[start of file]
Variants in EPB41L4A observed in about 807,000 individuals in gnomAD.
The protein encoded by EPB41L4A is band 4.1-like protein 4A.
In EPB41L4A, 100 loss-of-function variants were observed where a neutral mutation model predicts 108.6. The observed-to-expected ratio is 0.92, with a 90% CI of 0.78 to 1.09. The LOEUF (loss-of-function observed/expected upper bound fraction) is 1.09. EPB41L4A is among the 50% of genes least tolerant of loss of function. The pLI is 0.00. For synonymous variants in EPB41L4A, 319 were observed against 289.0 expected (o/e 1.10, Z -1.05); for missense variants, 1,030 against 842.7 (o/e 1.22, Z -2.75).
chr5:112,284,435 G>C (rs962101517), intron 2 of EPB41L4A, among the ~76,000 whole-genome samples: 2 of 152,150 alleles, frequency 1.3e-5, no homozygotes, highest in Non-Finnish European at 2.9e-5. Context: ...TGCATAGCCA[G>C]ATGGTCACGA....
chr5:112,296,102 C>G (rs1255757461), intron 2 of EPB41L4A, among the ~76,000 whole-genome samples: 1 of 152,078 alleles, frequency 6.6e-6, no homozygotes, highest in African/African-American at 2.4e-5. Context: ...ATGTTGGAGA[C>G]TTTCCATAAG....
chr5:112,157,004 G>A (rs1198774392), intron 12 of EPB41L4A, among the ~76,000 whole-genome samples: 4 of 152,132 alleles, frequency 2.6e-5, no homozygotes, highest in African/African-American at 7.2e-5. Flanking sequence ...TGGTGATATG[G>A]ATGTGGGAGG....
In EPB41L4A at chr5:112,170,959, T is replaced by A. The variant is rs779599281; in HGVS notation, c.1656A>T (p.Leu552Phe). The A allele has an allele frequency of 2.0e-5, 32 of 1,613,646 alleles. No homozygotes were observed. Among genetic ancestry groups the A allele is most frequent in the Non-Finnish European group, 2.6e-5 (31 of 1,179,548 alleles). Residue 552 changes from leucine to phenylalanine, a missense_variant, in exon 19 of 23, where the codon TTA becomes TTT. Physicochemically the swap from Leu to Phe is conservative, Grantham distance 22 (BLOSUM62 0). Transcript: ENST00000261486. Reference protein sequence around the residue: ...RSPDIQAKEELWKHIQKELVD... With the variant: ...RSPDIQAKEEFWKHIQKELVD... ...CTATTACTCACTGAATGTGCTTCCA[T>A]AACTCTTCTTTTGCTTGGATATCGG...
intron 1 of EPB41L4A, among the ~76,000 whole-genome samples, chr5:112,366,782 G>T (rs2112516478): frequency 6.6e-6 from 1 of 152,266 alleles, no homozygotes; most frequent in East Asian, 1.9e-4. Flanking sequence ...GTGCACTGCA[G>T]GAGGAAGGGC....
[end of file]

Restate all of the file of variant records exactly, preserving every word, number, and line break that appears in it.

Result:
Variants in EPB41L4A observed in about 807,000 individuals in gnomAD.
The protein encoded by EPB41L4A is band 4.1-like protein 4A.
In EPB41L4A, 100 loss-of-function variants were observed where a neutral mutation model predicts 108.6. The observed-to-expected ratio is 0.92, with a 90% CI of 0.78 to 1.09. The LOEUF (loss-of-function observed/expected upper bound fraction) is 1.09. EPB41L4A is among the 50% of genes least tolerant of loss of function. The pLI is 0.00. For synonymous variants in EPB41L4A, 319 were observed against 289.0 expected (o/e 1.10, Z -1.05); for missense variants, 1,030 against 842.7 (o/e 1.22, Z -2.75).
chr5:112,284,435 G>C (rs962101517), intron 2 of EPB41L4A, among the ~76,000 whole-genome samples: 2 of 152,150 alleles, frequency 1.3e-5, no homozygotes, highest in Non-Finnish European at 2.9e-5. Context: ...TGCATAGCCA[G>C]ATGGTCACGA....
chr5:112,296,102 C>G (rs1255757461), intron 2 of EPB41L4A, among the ~76,000 whole-genome samples: 1 of 152,078 alleles, frequency 6.6e-6, no homozygotes, highest in African/African-American at 2.4e-5. Context: ...ATGTTGGAGA[C>G]TTTCCATAAG....
chr5:112,157,004 G>A (rs1198774392), intron 12 of EPB41L4A, among the ~76,000 whole-genome samples: 4 of 152,132 alleles, frequency 2.6e-5, no homozygotes, highest in African/African-American at 7.2e-5. Flanking sequence ...TGGTGATATG[G>A]ATGTGGGAGG....
In EPB41L4A at chr5:112,170,959, T is replaced by A. The variant is rs779599281; in HGVS notation, c.1656A>T (p.Leu552Phe). The A allele has an allele frequency of 2.0e-5, 32 of 1,613,646 alleles. No homozygotes were observed. Among genetic ancestry groups the A allele is most frequent in the Non-Finnish European group, 2.6e-5 (31 of 1,179,548 alleles). Residue 552 changes from leucine to phenylalanine, a missense_variant, in exon 19 of 23, where the codon TTA becomes TTT. Physicochemically the swap from Leu to Phe is conservative, Grantham distance 22 (BLOSUM62 0). Transcript: ENST00000261486. Reference protein sequence around the residue: ...RSPDIQAKEELWKHIQKELVD... With the variant: ...RSPDIQAKEEFWKHIQKELVD... ...CTATTACTCACTGAATGTGCTTCCA[T>A]AACTCTTCTTTTGCTTGGATATCGG...
intron 1 of EPB41L4A, among the ~76,000 whole-genome samples, chr5:112,366,782 G>T (rs2112516478): frequency 6.6e-6 from 1 of 152,266 alleles, no homozygotes; most frequent in East Asian, 1.9e-4. Flanking sequence ...GTGCACTGCA[G>T]GAGGAAGGGC....